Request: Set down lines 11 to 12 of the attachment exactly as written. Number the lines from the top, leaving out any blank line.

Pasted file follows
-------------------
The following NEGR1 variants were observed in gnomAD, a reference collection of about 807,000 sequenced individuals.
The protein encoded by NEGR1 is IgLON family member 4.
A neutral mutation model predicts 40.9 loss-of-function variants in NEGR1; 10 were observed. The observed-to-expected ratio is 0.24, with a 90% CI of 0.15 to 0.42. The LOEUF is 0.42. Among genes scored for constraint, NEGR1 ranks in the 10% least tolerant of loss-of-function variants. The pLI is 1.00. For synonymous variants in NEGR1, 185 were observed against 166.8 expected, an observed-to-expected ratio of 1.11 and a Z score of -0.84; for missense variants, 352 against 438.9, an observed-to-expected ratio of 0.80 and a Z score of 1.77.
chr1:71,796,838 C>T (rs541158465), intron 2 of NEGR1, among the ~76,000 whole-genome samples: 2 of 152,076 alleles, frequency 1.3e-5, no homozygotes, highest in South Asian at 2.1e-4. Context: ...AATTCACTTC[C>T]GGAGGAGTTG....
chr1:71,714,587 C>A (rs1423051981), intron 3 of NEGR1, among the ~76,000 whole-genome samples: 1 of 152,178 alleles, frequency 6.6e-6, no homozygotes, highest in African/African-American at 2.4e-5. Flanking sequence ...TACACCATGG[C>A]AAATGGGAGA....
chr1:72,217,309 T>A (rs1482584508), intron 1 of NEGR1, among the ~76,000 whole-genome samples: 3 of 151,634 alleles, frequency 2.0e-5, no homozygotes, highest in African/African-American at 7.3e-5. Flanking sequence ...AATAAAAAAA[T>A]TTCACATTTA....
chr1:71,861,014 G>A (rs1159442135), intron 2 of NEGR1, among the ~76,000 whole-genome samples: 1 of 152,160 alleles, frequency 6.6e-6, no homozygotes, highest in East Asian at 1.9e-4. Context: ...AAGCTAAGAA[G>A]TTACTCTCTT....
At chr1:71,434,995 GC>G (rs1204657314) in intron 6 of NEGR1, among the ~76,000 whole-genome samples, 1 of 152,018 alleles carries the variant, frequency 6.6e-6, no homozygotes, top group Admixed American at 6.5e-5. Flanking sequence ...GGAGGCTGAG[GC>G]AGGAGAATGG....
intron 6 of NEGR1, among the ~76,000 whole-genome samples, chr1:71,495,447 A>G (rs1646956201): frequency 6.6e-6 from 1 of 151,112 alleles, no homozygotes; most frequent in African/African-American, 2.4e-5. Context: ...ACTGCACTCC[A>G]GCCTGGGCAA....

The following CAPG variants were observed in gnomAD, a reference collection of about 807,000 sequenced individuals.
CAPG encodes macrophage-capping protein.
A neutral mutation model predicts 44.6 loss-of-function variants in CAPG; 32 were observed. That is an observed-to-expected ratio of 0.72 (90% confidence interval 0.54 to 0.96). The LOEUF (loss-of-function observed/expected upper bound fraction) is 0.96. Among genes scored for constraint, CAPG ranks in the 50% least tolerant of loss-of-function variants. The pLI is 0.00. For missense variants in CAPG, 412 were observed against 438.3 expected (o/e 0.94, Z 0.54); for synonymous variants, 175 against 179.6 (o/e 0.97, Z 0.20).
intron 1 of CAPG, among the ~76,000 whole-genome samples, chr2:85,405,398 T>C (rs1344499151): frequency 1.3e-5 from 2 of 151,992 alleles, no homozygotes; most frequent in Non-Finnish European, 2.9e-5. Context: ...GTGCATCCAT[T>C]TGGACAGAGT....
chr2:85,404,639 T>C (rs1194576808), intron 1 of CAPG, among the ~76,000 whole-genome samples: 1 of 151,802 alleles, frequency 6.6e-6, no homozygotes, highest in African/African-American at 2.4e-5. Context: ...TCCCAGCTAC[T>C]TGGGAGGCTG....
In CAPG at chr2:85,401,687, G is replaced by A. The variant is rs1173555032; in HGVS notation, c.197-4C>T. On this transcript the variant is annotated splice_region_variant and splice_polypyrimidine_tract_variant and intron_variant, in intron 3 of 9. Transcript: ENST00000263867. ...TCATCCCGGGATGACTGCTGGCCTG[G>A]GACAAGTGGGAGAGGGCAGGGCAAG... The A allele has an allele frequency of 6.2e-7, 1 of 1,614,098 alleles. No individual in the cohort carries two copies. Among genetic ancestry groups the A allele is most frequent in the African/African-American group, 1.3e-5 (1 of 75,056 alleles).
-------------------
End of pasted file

CAPG encodes macrophage-capping protein.
A neutral mutation model predicts 44.6 loss-of-function variants in CAPG; 32 were observed. That is an observed-to-expected ratio of 0.72 (90% confidence interval 0.54 to 0.96). The LOEUF (loss-of-function observed/expected upper bound fraction) is 0.96. Among genes scored for constraint, CAPG ranks in the 50% least tolerant of loss-of-function variants. The pLI is 0.00. For missense variants in CAPG, 412 were observed against 438.3 expected (o/e 0.94, Z 0.54); for synonymous variants, 175 against 179.6 (o/e 0.97, Z 0.20).